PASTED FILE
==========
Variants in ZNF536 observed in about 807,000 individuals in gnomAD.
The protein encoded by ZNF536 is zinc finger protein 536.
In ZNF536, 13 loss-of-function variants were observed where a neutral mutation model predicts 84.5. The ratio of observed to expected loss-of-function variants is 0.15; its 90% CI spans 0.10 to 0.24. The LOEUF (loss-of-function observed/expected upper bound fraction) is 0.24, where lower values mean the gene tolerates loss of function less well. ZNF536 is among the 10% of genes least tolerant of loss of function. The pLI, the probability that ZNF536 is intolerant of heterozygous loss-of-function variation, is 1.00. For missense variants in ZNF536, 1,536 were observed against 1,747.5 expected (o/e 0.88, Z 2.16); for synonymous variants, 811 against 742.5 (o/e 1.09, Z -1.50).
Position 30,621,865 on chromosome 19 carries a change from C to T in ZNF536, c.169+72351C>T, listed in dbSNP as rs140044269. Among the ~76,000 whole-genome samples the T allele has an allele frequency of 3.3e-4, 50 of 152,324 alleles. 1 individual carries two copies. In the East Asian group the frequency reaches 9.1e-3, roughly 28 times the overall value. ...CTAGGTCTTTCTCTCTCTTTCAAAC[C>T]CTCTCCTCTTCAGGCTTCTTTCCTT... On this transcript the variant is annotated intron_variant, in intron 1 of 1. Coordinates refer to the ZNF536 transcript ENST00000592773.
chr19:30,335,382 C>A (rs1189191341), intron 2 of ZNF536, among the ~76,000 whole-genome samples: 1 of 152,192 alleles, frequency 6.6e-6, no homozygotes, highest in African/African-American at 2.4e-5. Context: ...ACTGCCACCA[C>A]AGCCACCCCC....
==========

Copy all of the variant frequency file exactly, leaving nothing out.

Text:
Variants in ZNF536 observed in about 807,000 individuals in gnomAD.
The protein encoded by ZNF536 is zinc finger protein 536.
In ZNF536, 13 loss-of-function variants were observed where a neutral mutation model predicts 84.5. The ratio of observed to expected loss-of-function variants is 0.15; its 90% CI spans 0.10 to 0.24. The LOEUF (loss-of-function observed/expected upper bound fraction) is 0.24, where lower values mean the gene tolerates loss of function less well. ZNF536 is among the 10% of genes least tolerant of loss of function. The pLI, the probability that ZNF536 is intolerant of heterozygous loss-of-function variation, is 1.00. For missense variants in ZNF536, 1,536 were observed against 1,747.5 expected (o/e 0.88, Z 2.16); for synonymous variants, 811 against 742.5 (o/e 1.09, Z -1.50).
Position 30,621,865 on chromosome 19 carries a change from C to T in ZNF536, c.169+72351C>T, listed in dbSNP as rs140044269. Among the ~76,000 whole-genome samples the T allele has an allele frequency of 3.3e-4, 50 of 152,324 alleles. 1 individual carries two copies. In the East Asian group the frequency reaches 9.1e-3, roughly 28 times the overall value. ...CTAGGTCTTTCTCTCTCTTTCAAAC[C>T]CTCTCCTCTTCAGGCTTCTTTCCTT... On this transcript the variant is annotated intron_variant, in intron 1 of 1. Coordinates refer to the ZNF536 transcript ENST00000592773.
chr19:30,335,382 C>A (rs1189191341), intron 2 of ZNF536, among the ~76,000 whole-genome samples: 1 of 152,192 alleles, frequency 6.6e-6, no homozygotes, highest in African/African-American at 2.4e-5. Context: ...ACTGCCACCA[C>A]AGCCACCCCC....